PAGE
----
Last fall, while playing an overworked research assistant in a reading of a new musical, my introductory line had me referring to myself as being, “handed over in chains”, which was accompanied by the stage direction, “bowing his head, good-naturedly”. The implications of this flippant reference to slavery would be problematic regardless of the identity of the actor saying it, but the optics grow even more grim when that actor is the only Black man in the ensemble.
I remember reading the line on my way to rehearsal and immediately getting anxious at the thought of saying it — especially in a room of predominantly white people. I reached out to the writer (a white woman) to communicate my discomfort. She apologized profusely and explained that it was an actual quote from the person I was playing (not that anyone in the audience would know). Not only did I then have to assuage her white guilt but I helped come up with a new, less problematic line (“at your service”). In this one instance I was an actor, diversity and inclusion consultant, and dramaturg. All for the hundred dollar stipend the project paid. What a bargain.
The writer’s failure to glean seemingly obvious racial and hierarchical rhetoric and imagery put me in a precarious position. On a micro-level, it was taxing on me to facilitate an uncomfortable conversation and, on a macro-level, if I had been too afraid to say something or if the writer had not conceded, then the line would still exist thus becoming the responsibility of another actor or group of actors.
In January of 2020, I got called in for a musical about Emmett Till.¹ I was immediately leery of the audition as well as the project itself. I didn’t think that musical theatre, as both a medium and an industry, could handle such an important story with the proper care it needed. My instincts were proven right when a quick Google search revealed that the project’s entire creative team, with the exception of its Black male director, was white. The music and lyrics were written by a white man, the book was written by two white men, the music director was a white woman, the artistic director of the theater was a white man, the casting director was a white man, and the casting associate was a white woman.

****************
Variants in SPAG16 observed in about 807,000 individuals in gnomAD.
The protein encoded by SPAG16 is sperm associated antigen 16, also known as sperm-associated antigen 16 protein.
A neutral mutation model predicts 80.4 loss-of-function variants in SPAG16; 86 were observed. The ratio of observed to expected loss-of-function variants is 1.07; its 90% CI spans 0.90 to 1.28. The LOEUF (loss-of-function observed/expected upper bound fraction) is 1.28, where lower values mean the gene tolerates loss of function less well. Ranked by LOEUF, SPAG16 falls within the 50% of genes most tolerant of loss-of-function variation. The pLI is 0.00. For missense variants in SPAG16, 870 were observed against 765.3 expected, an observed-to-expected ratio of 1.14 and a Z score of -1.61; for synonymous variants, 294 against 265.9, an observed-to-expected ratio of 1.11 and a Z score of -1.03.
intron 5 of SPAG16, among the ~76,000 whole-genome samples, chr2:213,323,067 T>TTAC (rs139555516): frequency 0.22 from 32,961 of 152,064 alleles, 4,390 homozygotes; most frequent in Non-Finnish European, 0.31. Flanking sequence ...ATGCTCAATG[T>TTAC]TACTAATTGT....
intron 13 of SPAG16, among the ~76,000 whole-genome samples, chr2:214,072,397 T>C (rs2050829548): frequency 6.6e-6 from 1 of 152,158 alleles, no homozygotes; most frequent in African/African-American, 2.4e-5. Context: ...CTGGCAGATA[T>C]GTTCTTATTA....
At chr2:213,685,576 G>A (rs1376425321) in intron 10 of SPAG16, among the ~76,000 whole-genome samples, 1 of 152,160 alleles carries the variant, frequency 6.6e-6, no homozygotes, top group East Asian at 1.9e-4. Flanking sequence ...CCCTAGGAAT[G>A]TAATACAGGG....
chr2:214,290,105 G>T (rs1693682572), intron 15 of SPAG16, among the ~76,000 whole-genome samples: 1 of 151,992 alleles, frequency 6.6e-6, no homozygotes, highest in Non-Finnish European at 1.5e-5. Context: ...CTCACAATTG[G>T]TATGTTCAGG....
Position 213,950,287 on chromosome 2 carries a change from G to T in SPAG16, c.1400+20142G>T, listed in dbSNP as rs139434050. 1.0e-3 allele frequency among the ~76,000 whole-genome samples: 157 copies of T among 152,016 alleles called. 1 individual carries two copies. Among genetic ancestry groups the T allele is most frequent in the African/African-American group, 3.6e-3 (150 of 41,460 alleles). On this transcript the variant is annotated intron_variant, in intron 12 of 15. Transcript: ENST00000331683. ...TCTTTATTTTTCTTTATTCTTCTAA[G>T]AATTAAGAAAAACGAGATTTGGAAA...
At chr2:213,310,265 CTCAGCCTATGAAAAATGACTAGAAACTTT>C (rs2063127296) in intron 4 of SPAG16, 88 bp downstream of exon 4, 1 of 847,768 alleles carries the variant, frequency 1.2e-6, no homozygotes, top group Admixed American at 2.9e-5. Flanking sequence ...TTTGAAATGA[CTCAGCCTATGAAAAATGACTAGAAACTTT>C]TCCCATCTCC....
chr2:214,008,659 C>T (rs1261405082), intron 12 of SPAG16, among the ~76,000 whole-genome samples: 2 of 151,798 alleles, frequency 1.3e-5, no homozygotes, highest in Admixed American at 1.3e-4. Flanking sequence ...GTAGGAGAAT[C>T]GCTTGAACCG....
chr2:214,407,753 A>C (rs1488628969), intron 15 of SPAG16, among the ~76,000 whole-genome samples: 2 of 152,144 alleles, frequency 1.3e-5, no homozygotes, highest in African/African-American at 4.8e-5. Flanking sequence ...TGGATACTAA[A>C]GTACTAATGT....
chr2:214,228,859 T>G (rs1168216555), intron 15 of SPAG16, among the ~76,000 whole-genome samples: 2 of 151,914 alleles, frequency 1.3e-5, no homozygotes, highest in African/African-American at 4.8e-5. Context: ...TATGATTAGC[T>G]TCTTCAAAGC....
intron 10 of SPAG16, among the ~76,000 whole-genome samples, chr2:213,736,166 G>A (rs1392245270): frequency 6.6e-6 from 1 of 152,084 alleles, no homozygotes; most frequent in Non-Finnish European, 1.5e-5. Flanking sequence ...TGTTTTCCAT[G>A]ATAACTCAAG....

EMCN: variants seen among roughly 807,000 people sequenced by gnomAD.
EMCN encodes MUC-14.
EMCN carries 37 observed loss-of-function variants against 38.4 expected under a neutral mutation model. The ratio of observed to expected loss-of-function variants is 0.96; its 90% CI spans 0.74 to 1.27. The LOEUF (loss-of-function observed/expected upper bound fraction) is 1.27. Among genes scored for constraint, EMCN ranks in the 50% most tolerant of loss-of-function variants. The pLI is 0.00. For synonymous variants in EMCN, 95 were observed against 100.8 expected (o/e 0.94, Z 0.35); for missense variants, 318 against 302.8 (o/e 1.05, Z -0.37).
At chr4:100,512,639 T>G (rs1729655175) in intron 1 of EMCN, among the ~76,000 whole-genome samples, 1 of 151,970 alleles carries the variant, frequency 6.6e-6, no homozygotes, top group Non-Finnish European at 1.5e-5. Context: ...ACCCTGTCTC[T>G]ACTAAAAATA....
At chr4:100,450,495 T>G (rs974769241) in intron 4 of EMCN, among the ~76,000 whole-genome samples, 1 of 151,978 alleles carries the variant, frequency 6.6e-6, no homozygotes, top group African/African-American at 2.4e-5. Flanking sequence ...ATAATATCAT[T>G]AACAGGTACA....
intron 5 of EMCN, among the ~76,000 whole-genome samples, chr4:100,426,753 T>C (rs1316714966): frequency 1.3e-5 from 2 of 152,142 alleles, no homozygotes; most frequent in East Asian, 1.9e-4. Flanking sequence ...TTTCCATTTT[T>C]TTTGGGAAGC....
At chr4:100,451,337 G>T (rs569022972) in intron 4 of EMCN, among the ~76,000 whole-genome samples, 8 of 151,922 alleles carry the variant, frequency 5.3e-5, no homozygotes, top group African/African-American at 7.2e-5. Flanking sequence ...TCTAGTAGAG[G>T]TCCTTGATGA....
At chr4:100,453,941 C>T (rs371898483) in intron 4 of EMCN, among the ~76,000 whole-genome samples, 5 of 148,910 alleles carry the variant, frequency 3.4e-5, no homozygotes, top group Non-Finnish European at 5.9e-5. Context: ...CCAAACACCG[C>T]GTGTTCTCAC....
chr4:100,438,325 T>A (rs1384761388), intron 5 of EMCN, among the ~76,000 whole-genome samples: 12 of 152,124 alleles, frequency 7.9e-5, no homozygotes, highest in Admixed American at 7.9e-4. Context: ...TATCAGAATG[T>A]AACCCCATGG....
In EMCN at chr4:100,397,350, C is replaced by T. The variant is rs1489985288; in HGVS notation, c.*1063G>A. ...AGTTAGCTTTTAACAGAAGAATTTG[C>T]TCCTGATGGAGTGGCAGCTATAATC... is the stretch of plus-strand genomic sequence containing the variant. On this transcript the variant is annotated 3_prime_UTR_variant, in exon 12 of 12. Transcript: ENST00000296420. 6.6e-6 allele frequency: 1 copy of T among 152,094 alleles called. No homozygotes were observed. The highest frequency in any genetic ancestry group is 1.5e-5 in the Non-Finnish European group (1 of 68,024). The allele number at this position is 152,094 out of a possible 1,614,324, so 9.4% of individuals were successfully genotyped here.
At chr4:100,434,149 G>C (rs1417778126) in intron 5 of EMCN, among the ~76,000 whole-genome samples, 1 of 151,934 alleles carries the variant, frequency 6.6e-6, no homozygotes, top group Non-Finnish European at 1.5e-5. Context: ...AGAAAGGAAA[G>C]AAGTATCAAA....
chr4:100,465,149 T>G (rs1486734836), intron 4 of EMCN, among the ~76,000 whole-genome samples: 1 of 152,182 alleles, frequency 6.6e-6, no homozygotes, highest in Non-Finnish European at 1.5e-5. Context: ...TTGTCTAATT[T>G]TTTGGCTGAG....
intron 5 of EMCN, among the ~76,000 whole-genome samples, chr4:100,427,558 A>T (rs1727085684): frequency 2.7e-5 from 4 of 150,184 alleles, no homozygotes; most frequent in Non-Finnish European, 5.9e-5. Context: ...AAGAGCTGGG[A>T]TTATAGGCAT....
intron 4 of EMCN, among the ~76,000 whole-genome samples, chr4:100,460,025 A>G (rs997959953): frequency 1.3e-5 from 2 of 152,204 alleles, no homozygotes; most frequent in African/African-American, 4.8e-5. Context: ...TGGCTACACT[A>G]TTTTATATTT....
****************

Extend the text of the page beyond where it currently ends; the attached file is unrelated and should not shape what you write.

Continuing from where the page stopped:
As if a musical about Emmett Till written by white men and led by a nearly all white team wasn’t nauseating enough, my audition appointment was for an ensemble track that played multiple colorblind roles throughout the piece. Yall, these people were using colorblind casting to tell the story of the brutal lynching of a little Black boy that became a catalyst for the Civil Rights Movement. What’s more is that one of the roles I was expected to read for was Roy Bryant — the white supremacist who murdered Till for allegedly whistling at his wife. The caucasian fuckery of it all.
I emailed my agents — two white women — to let them know that I was deeply uncomfortable and would be passing on the audition. I got a one word response: “okay!”